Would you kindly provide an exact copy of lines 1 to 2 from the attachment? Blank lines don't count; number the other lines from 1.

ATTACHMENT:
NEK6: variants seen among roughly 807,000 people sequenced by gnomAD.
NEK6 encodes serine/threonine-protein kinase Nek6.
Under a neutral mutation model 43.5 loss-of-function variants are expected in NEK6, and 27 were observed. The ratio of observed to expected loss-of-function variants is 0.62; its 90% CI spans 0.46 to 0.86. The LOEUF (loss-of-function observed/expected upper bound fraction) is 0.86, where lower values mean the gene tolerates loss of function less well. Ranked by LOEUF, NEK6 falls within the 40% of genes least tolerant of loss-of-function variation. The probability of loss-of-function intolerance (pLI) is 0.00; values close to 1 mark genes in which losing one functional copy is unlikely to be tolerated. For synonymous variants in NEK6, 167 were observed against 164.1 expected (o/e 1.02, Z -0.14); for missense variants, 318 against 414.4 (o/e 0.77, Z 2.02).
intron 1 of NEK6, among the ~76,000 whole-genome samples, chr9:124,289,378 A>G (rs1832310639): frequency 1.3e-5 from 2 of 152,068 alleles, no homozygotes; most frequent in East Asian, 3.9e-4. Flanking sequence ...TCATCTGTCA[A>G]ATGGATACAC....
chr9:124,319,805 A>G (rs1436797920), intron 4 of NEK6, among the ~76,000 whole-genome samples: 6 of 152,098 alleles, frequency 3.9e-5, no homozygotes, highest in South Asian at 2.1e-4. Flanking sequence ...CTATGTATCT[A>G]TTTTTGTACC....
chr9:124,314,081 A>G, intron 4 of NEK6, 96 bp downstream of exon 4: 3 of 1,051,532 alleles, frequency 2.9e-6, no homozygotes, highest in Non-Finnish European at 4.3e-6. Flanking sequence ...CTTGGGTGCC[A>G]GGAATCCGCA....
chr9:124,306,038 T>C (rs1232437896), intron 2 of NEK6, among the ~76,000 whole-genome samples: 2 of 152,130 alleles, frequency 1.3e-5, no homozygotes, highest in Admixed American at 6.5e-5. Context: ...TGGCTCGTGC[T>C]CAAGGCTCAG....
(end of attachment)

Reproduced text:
NEK6: variants seen among roughly 807,000 people sequenced by gnomAD.
NEK6 encodes serine/threonine-protein kinase Nek6.